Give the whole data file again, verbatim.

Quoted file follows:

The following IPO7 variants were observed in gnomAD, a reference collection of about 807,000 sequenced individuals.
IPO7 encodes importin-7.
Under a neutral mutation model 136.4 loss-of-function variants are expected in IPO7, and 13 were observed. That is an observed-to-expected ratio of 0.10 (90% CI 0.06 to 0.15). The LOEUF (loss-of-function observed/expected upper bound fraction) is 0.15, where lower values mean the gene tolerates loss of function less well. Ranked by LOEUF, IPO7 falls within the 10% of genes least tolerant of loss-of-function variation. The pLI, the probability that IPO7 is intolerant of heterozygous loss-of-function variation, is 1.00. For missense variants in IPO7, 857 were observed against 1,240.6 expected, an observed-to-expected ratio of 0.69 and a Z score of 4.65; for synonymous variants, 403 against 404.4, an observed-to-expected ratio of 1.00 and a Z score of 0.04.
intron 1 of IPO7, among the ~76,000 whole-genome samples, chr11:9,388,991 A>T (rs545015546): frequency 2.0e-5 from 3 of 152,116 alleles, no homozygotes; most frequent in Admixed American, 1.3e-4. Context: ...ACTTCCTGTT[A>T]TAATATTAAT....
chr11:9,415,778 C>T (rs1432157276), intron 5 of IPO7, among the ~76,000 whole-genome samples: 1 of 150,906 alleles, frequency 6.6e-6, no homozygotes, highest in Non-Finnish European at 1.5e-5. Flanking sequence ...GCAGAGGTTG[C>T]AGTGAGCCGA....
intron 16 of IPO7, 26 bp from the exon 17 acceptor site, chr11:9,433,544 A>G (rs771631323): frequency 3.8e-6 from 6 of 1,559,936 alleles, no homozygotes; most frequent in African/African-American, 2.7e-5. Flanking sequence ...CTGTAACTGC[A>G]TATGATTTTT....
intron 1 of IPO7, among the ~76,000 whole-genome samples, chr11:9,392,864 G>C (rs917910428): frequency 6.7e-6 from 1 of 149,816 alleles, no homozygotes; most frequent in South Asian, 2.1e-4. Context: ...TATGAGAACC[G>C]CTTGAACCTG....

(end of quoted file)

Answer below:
The following IPO7 variants were observed in gnomAD, a reference collection of about 807,000 sequenced individuals.
IPO7 encodes importin-7.
Under a neutral mutation model 136.4 loss-of-function variants are expected in IPO7, and 13 were observed. That is an observed-to-expected ratio of 0.10 (90% CI 0.06 to 0.15). The LOEUF (loss-of-function observed/expected upper bound fraction) is 0.15, where lower values mean the gene tolerates loss of function less well. Ranked by LOEUF, IPO7 falls within the 10% of genes least tolerant of loss-of-function variation. The pLI, the probability that IPO7 is intolerant of heterozygous loss-of-function variation, is 1.00. For missense variants in IPO7, 857 were observed against 1,240.6 expected, an observed-to-expected ratio of 0.69 and a Z score of 4.65; for synonymous variants, 403 against 404.4, an observed-to-expected ratio of 1.00 and a Z score of 0.04.
intron 1 of IPO7, among the ~76,000 whole-genome samples, chr11:9,388,991 A>T (rs545015546): frequency 2.0e-5 from 3 of 152,116 alleles, no homozygotes; most frequent in Admixed American, 1.3e-4. Context: ...ACTTCCTGTT[A>T]TAATATTAAT....
chr11:9,415,778 C>T (rs1432157276), intron 5 of IPO7, among the ~76,000 whole-genome samples: 1 of 150,906 alleles, frequency 6.6e-6, no homozygotes, highest in Non-Finnish European at 1.5e-5. Flanking sequence ...GCAGAGGTTG[C>T]AGTGAGCCGA....
intron 16 of IPO7, 26 bp from the exon 17 acceptor site, chr11:9,433,544 A>G (rs771631323): frequency 3.8e-6 from 6 of 1,559,936 alleles, no homozygotes; most frequent in African/African-American, 2.7e-5. Flanking sequence ...CTGTAACTGC[A>G]TATGATTTTT....
intron 1 of IPO7, among the ~76,000 whole-genome samples, chr11:9,392,864 G>C (rs917910428): frequency 6.7e-6 from 1 of 149,816 alleles, no homozygotes; most frequent in South Asian, 2.1e-4. Context: ...TATGAGAACC[G>C]CTTGAACCTG....